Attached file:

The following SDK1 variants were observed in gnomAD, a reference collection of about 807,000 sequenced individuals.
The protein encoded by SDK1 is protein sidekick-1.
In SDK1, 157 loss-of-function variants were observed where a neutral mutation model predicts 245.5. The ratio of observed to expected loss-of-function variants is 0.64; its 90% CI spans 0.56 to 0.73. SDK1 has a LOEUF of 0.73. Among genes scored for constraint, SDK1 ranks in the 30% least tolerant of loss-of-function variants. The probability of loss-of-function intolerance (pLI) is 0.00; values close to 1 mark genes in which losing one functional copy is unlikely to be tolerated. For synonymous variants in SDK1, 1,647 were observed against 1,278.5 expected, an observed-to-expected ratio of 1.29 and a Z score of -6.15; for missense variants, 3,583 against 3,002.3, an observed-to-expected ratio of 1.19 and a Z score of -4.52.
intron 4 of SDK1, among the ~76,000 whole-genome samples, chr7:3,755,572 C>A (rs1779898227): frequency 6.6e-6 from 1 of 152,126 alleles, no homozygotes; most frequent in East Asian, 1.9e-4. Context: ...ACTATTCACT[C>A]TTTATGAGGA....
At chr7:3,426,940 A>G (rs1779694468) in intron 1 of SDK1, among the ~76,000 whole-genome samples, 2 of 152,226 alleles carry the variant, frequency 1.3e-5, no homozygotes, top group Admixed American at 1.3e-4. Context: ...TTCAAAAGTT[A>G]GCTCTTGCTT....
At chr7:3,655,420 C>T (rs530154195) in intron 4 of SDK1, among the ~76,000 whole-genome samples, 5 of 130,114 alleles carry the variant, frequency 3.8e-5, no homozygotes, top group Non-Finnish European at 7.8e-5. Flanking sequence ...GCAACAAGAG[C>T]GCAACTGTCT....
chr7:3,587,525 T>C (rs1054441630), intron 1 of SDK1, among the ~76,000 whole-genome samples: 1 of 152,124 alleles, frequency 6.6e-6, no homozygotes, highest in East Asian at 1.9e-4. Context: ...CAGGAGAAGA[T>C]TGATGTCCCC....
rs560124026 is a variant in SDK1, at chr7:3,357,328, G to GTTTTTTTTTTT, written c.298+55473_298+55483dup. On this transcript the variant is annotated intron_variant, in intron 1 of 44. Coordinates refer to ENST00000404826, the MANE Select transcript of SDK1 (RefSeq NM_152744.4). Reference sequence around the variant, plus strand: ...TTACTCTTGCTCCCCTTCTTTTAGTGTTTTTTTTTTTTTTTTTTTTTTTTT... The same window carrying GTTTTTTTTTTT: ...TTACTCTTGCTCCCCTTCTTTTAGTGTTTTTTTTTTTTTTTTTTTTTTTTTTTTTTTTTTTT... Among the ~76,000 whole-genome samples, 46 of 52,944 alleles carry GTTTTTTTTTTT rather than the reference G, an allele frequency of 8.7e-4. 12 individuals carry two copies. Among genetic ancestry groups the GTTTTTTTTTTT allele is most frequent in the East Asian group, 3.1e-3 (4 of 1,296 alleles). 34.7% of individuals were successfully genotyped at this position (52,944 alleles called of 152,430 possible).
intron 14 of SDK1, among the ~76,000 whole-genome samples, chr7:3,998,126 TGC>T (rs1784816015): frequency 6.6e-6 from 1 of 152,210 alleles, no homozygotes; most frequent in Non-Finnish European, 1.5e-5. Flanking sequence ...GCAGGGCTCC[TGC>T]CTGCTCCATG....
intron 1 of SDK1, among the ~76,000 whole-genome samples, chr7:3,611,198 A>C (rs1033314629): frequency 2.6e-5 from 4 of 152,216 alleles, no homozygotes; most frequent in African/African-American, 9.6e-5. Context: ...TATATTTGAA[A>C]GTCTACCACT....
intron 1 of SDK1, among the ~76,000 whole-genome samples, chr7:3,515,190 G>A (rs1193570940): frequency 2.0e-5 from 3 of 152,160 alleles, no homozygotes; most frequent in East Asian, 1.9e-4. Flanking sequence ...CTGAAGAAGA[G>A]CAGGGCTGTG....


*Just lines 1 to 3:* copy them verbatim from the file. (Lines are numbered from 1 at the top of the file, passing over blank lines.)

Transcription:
The following SDK1 variants were observed in gnomAD, a reference collection of about 807,000 sequenced individuals.
The protein encoded by SDK1 is protein sidekick-1.
In SDK1, 157 loss-of-function variants were observed where a neutral mutation model predicts 245.5. The ratio of observed to expected loss-of-function variants is 0.64; its 90% CI spans 0.56 to 0.73. SDK1 has a LOEUF of 0.73. Among genes scored for constraint, SDK1 ranks in the 30% least tolerant of loss-of-function variants. The probability of loss-of-function intolerance (pLI) is 0.00; values close to 1 mark genes in which losing one functional copy is unlikely to be tolerated. For synonymous variants in SDK1, 1,647 were observed against 1,278.5 expected, an observed-to-expected ratio of 1.29 and a Z score of -6.15; for missense variants, 3,583 against 3,002.3, an observed-to-expected ratio of 1.19 and a Z score of -4.52.